John Deere will allow US farmers to repair their own equipment

"Farmers must have the freedom to choose where equipment is repaired, or to repair it themselves, to help control costs."
Deena Theresa
A picture from the John Deere Vintage Classic Tractor Show.
A picture from the John Deere Vintage Classic Tractor Show.

Wirestock/iStock 

The American Farm Bureau Federation (AFBF) and tractor maker John Deere signed a memorandum of understanding today that ensures farmers' and ranchers' right to repair their farm equipment.

Signed at the 2023 AFBF Convention in San Juan, Puerto Rico, the MOU is the result of several years of discussions.

"It addresses a long-running issue for farmers and ranchers when it comes to accessing tools, information, and resources while protecting John Deere's intellectual property rights and ensuring equipment safety," AFBF President Zippy Duvall said in a statement.

What is the right-to-repair movement?

If you own something, it is natural to expect to have the information and the tools to repair it yourself or take it to a technician. While this is possible with older appliances, modern technology has made the repair concept almost impossible. According to The New York Times, most American shoppers are legally allowed to repair whatever they buy. Still, in practical terms, people are denied the information and parts to do so. This is where the right-to-repair movement comes in.

According to The Repair Association, a right-to-repair advocacy group, everyone should have access to manuals, software updates, and the parts and tools to service devices. Devices should be designed in such a manner to ensure that repair is possible, and the government should legalize unlocking a device so that an owner can install custom software.

In 2021, the New York State Senate voted to pass the Digital Fair Repair Act, an electronic right-to-repair legislation, which made the senate the first legislative body in the U.S. to approve such a law. 

And in 2022, two long-awaited laws introduced into the House of Representatives let citizens fix their pricey tech items instead of having to pay the manufacturer (or buy a new one). While one of the bills emphasizes cars, the other one focuses on copyright restrictions for electronics like iPhones.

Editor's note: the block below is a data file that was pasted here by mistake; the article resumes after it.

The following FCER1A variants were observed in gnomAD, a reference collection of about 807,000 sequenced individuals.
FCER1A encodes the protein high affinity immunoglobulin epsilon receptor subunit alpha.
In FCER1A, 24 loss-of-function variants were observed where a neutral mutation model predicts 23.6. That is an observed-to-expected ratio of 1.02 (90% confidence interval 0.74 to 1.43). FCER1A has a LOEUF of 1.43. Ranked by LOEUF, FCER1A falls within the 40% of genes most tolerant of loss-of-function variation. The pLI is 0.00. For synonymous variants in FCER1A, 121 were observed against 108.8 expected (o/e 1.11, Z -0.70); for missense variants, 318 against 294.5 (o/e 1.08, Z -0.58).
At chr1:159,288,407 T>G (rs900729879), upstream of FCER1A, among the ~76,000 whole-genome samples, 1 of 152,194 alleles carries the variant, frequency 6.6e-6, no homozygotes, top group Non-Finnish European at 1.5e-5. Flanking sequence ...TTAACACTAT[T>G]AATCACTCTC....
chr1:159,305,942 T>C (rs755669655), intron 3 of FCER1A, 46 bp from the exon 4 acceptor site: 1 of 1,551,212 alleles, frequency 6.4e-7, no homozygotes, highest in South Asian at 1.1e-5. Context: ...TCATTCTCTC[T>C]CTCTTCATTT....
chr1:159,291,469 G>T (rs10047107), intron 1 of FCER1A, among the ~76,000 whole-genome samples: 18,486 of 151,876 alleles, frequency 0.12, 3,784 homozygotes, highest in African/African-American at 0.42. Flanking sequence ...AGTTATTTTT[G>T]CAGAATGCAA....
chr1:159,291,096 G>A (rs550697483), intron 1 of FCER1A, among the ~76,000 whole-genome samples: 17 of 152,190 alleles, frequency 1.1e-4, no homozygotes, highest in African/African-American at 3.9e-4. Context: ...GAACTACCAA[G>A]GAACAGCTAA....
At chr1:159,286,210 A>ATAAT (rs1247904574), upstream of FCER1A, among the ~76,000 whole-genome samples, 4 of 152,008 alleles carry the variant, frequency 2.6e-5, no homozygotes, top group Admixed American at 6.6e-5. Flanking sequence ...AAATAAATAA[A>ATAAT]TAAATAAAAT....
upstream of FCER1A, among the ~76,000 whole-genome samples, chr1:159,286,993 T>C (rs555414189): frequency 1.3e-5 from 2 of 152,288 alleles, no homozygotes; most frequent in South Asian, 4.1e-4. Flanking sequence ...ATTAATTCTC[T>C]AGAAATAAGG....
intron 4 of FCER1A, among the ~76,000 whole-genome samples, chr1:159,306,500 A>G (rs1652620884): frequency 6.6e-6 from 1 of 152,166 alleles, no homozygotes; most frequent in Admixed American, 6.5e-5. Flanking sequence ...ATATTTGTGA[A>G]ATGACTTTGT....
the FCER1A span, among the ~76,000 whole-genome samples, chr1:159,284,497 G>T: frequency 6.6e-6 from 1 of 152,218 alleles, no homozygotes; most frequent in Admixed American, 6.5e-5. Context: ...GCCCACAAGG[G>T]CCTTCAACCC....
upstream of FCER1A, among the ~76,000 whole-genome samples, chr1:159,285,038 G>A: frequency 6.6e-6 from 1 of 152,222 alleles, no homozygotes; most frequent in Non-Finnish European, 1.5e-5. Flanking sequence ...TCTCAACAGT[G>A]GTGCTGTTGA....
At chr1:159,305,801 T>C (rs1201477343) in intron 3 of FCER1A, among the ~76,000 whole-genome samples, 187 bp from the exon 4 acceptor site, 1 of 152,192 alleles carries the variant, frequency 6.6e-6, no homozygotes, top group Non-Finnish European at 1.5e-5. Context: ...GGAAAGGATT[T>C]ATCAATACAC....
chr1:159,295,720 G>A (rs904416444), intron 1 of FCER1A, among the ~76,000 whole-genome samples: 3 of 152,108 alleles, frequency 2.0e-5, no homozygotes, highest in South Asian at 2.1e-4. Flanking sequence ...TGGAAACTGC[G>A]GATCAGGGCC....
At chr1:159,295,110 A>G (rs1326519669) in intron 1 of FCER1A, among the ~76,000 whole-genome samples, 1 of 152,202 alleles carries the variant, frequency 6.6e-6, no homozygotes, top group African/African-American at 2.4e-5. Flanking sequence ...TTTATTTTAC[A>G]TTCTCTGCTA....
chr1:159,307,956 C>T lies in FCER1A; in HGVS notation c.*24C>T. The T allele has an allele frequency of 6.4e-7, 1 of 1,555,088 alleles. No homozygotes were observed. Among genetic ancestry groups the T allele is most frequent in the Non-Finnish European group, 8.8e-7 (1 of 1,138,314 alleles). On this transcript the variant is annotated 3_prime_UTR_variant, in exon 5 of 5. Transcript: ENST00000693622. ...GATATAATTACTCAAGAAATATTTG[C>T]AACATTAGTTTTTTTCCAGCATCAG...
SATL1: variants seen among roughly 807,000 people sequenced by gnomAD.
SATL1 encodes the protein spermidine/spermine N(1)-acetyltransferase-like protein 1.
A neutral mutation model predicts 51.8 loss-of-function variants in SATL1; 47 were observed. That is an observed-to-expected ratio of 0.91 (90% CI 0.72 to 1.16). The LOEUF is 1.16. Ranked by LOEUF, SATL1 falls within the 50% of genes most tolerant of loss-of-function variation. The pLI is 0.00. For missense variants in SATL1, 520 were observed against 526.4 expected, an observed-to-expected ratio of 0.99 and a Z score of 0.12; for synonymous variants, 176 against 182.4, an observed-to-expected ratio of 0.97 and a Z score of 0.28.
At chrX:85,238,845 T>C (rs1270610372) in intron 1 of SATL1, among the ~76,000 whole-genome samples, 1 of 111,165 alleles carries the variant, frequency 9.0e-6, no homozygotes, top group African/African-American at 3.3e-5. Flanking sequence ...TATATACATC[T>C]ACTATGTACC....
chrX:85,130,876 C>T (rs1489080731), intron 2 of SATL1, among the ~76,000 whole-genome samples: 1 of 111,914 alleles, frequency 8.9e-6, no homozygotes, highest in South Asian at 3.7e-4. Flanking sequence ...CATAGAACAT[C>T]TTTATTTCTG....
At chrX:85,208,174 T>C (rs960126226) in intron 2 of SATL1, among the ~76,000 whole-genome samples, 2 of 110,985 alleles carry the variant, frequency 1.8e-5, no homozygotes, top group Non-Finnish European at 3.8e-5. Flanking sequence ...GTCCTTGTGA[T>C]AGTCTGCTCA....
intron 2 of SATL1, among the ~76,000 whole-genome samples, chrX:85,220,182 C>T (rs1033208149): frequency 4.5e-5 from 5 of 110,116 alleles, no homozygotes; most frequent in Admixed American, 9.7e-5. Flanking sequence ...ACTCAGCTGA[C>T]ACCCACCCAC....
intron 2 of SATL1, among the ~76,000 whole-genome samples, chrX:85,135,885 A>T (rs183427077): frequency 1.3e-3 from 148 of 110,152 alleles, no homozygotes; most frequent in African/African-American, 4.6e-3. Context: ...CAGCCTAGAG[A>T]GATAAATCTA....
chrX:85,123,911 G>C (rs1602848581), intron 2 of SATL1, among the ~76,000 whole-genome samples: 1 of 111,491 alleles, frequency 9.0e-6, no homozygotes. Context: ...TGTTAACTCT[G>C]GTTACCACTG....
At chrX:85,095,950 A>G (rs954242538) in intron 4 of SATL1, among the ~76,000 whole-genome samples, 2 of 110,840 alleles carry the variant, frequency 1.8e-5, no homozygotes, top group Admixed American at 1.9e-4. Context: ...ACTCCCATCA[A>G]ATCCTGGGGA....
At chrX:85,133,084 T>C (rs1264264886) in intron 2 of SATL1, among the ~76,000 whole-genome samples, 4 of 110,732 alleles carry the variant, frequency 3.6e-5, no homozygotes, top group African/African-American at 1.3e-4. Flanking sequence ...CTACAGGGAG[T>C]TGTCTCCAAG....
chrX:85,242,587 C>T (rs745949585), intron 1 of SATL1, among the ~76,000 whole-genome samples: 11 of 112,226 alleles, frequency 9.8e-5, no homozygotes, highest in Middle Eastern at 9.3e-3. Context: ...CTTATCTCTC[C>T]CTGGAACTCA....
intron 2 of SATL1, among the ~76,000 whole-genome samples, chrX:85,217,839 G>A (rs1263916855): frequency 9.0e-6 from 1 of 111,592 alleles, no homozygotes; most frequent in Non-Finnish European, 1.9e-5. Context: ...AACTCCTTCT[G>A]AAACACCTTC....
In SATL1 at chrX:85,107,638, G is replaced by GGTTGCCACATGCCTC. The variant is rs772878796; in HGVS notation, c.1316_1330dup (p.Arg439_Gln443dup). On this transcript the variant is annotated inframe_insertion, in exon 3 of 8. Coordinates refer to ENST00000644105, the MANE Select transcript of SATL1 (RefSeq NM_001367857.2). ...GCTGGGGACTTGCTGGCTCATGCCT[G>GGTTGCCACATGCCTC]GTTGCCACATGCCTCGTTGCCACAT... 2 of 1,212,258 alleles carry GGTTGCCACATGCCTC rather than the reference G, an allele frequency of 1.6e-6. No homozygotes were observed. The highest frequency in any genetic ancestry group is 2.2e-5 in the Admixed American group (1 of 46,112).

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Farmers now have access to diagnostic and repair codes, along with manuals

Previously, farmers were only allowed to use the respective company's parts and service divisions for repairs. Until recently, only authorized dealers had the means and tools to access complex systems of John Deere's tractors and other machinery.

For several equipment manufacturers, repairing machinery has largely helped cement their parts and service businesses. Consumers have filed several lawsuits against Deere over the issue.

Now, under the agreement, equipment owners and independent technicians will not be allowed to "divulge trade secrets" or "override safety features or emissions controls or to adjust Agricultural Equipment power levels."

"A piece of equipment is a major investment. Farmers must have the freedom to choose where equipment is repaired, or to repair it themselves, to help control costs. The MOU commits John Deere to ensure farmers and independent repair facilities have access to many of the tools and software needed to grow the food, fuel, and fiber America's families rely on," said Duvall.

A long time coming

The MOU formalizes farmers' access to diagnostic and repair codes, as well as manuals (operator, parts, service) and product guides. As per the release, it will also ensure that farmers can purchase diagnostic tools directly from John Deere and receive assistance from the manufacturer when ordering parts and products.

"This agreement reaffirms the longstanding commitment Deere has made to ensure our customers have the diagnostic tools and information they need to make many repairs to their machines. We look forward to working alongside the American Farm Bureau and our customers in the months and years ahead to ensure farmers continue to have the tools and resources to diagnose, maintain and repair their equipment," said David Gilmore, John Deere senior vice president, Ag & Turf Sales & Marketing.